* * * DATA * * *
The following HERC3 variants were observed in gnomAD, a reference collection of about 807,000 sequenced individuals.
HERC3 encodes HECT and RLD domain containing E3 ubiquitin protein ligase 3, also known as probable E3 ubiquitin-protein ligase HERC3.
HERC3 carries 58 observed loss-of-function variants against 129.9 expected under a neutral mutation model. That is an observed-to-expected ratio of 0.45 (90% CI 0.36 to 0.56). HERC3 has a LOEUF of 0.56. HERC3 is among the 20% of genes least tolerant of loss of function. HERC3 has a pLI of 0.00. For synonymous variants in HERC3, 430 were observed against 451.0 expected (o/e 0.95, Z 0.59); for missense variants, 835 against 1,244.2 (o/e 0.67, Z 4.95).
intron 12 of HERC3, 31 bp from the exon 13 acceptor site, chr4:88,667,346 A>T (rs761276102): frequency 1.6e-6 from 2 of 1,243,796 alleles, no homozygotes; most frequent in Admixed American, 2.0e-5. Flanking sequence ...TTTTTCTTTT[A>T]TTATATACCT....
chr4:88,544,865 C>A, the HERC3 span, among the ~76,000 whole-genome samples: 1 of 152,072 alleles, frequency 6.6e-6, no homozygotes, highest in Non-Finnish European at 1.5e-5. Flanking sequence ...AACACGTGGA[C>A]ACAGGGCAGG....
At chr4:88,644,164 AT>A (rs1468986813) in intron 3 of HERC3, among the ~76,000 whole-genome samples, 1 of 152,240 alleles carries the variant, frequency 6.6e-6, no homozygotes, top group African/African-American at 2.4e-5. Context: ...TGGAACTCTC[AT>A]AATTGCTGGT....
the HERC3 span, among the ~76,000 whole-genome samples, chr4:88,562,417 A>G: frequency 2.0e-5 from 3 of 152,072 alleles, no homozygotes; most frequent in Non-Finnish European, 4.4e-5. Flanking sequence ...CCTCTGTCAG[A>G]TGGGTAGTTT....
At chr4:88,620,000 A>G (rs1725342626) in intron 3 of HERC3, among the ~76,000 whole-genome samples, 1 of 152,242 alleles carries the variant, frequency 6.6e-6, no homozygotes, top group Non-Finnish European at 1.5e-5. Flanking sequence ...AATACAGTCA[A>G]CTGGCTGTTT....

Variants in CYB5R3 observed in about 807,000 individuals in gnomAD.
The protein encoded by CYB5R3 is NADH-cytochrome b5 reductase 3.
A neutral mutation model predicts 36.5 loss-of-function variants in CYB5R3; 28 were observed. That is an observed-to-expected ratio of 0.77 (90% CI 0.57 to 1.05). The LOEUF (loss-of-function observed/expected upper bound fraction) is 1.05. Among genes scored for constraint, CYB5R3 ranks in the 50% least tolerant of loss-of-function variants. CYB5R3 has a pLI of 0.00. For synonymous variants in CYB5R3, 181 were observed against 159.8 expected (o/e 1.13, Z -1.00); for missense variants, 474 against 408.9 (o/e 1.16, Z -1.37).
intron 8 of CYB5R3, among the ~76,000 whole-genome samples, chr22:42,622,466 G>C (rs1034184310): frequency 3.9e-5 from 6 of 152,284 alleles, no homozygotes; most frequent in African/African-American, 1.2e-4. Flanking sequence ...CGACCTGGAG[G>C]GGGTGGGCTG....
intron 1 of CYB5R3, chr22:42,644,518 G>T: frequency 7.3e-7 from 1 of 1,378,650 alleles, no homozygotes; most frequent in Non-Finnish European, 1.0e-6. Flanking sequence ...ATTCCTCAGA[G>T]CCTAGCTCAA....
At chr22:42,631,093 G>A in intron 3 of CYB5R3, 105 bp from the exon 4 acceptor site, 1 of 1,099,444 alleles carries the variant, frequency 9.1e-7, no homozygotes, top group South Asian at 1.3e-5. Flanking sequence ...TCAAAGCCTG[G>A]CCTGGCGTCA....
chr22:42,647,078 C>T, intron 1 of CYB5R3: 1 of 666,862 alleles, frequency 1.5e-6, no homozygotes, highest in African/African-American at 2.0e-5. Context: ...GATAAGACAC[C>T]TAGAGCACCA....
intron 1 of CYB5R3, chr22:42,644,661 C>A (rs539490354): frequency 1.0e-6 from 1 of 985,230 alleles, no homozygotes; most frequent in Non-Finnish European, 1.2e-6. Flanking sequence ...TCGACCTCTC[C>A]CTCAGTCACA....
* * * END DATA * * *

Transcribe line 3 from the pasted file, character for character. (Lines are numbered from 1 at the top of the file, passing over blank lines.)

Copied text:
HERC3 carries 58 observed loss-of-function variants against 129.9 expected under a neutral mutation model. That is an observed-to-expected ratio of 0.45 (90% CI 0.36 to 0.56). HERC3 has a LOEUF of 0.56. HERC3 is among the 20% of genes least tolerant of loss of function. HERC3 has a pLI of 0.00. For synonymous variants in HERC3, 430 were observed against 451.0 expected (o/e 0.95, Z 0.59); for missense variants, 835 against 1,244.2 (o/e 0.67, Z 4.95).